Lux Nova (2010)
In my ongoing exploration of the dome as a medium for digital art, I have become interested in the history of domes as architectural and religious spaces.
Lux Nova is an attempt to place the viewer in a succession of domes (or dome-like environments) that move through this history, and also reflects on the importance of light in these environments. The title is a reference to the theological concept of the “New Light” (lux nova) developed in the Middle Ages and used by the pioneering Abbot Suger in his rebuilding of St-Denis abbey. His use of large stained-glass windows enabled the church to be pervaded by coloured light, as he said in his own poem: “For bright is that which is brightly coupled with the bright / And which the new light pervades” Suger is often acknowledged as the first to build in a truly Gothic style.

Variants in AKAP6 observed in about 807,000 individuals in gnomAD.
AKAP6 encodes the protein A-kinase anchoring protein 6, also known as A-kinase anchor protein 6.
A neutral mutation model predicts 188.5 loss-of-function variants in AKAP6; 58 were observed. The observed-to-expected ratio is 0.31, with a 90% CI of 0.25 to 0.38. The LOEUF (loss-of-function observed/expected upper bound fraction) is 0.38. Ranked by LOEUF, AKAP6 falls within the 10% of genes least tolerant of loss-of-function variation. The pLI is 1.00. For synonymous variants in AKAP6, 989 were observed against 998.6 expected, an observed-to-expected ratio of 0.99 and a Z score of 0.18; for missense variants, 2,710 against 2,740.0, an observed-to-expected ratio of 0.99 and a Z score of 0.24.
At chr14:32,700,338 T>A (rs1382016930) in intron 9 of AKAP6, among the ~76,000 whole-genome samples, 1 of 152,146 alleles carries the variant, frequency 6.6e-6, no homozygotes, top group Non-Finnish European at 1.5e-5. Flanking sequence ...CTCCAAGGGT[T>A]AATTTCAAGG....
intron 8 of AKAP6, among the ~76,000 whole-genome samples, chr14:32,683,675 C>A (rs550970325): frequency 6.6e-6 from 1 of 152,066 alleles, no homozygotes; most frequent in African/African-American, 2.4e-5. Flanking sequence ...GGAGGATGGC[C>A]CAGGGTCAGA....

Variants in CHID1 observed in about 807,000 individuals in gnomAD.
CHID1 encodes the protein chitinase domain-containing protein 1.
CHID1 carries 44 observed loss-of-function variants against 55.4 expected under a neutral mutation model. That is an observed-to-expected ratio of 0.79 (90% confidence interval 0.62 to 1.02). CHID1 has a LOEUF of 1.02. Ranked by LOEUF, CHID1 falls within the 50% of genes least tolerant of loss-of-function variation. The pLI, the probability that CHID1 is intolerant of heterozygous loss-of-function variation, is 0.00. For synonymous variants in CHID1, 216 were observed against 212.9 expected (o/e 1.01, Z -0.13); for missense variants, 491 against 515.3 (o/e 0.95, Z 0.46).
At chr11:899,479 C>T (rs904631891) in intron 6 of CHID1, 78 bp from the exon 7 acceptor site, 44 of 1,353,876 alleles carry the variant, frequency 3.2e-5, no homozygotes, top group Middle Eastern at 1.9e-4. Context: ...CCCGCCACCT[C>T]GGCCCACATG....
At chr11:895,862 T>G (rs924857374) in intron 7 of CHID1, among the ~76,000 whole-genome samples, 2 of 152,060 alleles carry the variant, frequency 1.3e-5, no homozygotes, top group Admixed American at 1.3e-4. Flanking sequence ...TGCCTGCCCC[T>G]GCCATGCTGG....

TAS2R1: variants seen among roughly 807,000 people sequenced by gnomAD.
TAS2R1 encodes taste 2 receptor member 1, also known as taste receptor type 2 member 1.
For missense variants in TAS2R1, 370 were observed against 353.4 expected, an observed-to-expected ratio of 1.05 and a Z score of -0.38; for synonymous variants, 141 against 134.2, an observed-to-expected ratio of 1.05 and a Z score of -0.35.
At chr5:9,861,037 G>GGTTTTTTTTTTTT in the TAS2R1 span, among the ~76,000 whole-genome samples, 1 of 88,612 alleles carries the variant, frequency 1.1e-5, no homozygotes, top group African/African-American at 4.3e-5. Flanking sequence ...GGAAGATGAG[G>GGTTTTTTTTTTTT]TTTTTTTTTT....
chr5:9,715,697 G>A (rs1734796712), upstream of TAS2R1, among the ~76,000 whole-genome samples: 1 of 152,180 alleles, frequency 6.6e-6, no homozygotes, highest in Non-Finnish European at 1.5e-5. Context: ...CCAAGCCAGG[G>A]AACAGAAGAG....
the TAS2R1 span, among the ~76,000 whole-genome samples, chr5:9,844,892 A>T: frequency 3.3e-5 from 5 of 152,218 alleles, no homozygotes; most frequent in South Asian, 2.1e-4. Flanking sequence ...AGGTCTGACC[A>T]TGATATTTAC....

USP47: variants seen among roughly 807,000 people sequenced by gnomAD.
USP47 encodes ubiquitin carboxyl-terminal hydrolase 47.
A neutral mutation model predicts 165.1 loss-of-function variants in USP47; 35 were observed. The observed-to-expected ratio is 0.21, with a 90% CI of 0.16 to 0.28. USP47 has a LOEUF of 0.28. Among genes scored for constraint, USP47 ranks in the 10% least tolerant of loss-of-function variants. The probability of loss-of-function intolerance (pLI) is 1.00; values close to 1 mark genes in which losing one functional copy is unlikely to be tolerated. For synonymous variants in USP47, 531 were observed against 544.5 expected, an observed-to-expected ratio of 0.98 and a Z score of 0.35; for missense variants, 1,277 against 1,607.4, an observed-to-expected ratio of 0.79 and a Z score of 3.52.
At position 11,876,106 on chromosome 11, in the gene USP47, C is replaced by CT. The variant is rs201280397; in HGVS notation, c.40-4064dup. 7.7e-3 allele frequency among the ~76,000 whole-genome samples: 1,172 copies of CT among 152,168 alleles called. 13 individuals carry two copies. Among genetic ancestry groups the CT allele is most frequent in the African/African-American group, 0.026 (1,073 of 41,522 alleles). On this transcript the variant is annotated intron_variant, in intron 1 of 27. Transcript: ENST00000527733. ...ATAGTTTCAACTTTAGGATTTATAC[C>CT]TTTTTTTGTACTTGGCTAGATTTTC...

The scenes represented in Lux Nova are as follows:
- Maes Howe in Orkney, a neolithic burial chamber where light enters the interior at the winter solstice
- The Dendera Zodiac from southern Egypt
- The interior of the Pantheon in Rome with an image of Helios set in the central opening.
- The rose window at Notre-Dame Cathedral, Paris, with an alchemical figure in the roundel
- The Opus Medico-Chymicum, a 17th century alchemical diagram by J Daniel Mylius
- Brunelleschi’s dome of the Pazzi Chapel, with an armillary sphere inserted
- Finally, a view of Earth from the Cupola of the International Space Station, the largest window in space.